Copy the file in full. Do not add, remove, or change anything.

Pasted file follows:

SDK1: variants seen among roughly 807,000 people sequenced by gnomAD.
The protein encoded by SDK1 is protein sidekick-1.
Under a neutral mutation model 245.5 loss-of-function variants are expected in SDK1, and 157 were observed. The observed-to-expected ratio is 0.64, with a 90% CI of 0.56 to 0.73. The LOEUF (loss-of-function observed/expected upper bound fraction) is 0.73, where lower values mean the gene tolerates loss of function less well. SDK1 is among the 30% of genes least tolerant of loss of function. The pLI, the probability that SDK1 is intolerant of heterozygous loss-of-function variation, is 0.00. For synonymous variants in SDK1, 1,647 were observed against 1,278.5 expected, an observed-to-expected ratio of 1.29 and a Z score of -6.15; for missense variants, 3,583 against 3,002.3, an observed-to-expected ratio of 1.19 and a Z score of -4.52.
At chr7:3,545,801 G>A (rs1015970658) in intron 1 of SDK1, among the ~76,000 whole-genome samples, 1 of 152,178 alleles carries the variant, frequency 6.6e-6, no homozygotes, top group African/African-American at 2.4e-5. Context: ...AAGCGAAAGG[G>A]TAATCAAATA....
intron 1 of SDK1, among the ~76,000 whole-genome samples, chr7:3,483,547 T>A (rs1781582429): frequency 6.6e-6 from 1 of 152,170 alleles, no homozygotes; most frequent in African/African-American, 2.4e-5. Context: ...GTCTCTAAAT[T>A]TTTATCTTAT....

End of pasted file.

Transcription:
SDK1: variants seen among roughly 807,000 people sequenced by gnomAD.
The protein encoded by SDK1 is protein sidekick-1.
Under a neutral mutation model 245.5 loss-of-function variants are expected in SDK1, and 157 were observed. The observed-to-expected ratio is 0.64, with a 90% CI of 0.56 to 0.73. The LOEUF (loss-of-function observed/expected upper bound fraction) is 0.73, where lower values mean the gene tolerates loss of function less well. SDK1 is among the 30% of genes least tolerant of loss of function. The pLI, the probability that SDK1 is intolerant of heterozygous loss-of-function variation, is 0.00. For synonymous variants in SDK1, 1,647 were observed against 1,278.5 expected, an observed-to-expected ratio of 1.29 and a Z score of -6.15; for missense variants, 3,583 against 3,002.3, an observed-to-expected ratio of 1.19 and a Z score of -4.52.
At chr7:3,545,801 G>A (rs1015970658) in intron 1 of SDK1, among the ~76,000 whole-genome samples, 1 of 152,178 alleles carries the variant, frequency 6.6e-6, no homozygotes, top group African/African-American at 2.4e-5. Context: ...AAGCGAAAGG[G>A]TAATCAAATA....
intron 1 of SDK1, among the ~76,000 whole-genome samples, chr7:3,483,547 T>A (rs1781582429): frequency 6.6e-6 from 1 of 152,170 alleles, no homozygotes; most frequent in African/African-American, 2.4e-5. Context: ...GTCTCTAAAT[T>A]TTTATCTTAT....